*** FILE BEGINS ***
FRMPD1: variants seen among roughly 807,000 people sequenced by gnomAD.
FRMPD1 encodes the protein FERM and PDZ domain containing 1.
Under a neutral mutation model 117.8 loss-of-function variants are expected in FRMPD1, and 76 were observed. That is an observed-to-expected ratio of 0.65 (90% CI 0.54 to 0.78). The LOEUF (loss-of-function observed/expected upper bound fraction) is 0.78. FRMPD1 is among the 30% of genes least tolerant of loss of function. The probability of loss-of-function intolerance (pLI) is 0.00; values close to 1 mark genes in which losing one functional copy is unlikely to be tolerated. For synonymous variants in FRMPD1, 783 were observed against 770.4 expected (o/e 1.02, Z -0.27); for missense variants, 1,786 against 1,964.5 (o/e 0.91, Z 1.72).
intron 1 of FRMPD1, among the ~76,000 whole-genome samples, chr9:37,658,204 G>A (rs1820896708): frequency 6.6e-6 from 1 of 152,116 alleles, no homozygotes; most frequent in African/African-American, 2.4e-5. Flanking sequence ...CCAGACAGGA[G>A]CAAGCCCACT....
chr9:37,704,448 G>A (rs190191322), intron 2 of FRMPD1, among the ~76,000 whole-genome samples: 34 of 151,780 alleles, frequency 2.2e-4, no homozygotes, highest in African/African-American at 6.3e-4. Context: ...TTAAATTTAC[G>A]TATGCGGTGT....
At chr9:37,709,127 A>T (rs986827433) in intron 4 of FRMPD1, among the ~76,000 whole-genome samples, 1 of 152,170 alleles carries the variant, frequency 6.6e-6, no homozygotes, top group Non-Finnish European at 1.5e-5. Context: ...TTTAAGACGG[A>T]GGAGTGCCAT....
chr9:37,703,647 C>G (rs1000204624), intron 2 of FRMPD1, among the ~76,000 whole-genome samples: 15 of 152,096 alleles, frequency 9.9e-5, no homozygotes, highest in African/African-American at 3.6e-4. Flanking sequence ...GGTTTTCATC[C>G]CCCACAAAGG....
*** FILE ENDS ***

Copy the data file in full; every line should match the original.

FRMPD1: variants seen among roughly 807,000 people sequenced by gnomAD.
FRMPD1 encodes the protein FERM and PDZ domain containing 1.
Under a neutral mutation model 117.8 loss-of-function variants are expected in FRMPD1, and 76 were observed. That is an observed-to-expected ratio of 0.65 (90% CI 0.54 to 0.78). The LOEUF (loss-of-function observed/expected upper bound fraction) is 0.78. FRMPD1 is among the 30% of genes least tolerant of loss of function. The probability of loss-of-function intolerance (pLI) is 0.00; values close to 1 mark genes in which losing one functional copy is unlikely to be tolerated. For synonymous variants in FRMPD1, 783 were observed against 770.4 expected (o/e 1.02, Z -0.27); for missense variants, 1,786 against 1,964.5 (o/e 0.91, Z 1.72).
intron 1 of FRMPD1, among the ~76,000 whole-genome samples, chr9:37,658,204 G>A (rs1820896708): frequency 6.6e-6 from 1 of 152,116 alleles, no homozygotes; most frequent in African/African-American, 2.4e-5. Flanking sequence ...CCAGACAGGA[G>A]CAAGCCCACT....
chr9:37,704,448 G>A (rs190191322), intron 2 of FRMPD1, among the ~76,000 whole-genome samples: 34 of 151,780 alleles, frequency 2.2e-4, no homozygotes, highest in African/African-American at 6.3e-4. Context: ...TTAAATTTAC[G>A]TATGCGGTGT....
At chr9:37,709,127 A>T (rs986827433) in intron 4 of FRMPD1, among the ~76,000 whole-genome samples, 1 of 152,170 alleles carries the variant, frequency 6.6e-6, no homozygotes, top group Non-Finnish European at 1.5e-5. Context: ...TTTAAGACGG[A>T]GGAGTGCCAT....
chr9:37,703,647 C>G (rs1000204624), intron 2 of FRMPD1, among the ~76,000 whole-genome samples: 15 of 152,096 alleles, frequency 9.9e-5, no homozygotes, highest in African/African-American at 3.6e-4. Flanking sequence ...GGTTTTCATC[C>G]CCCACAAAGG....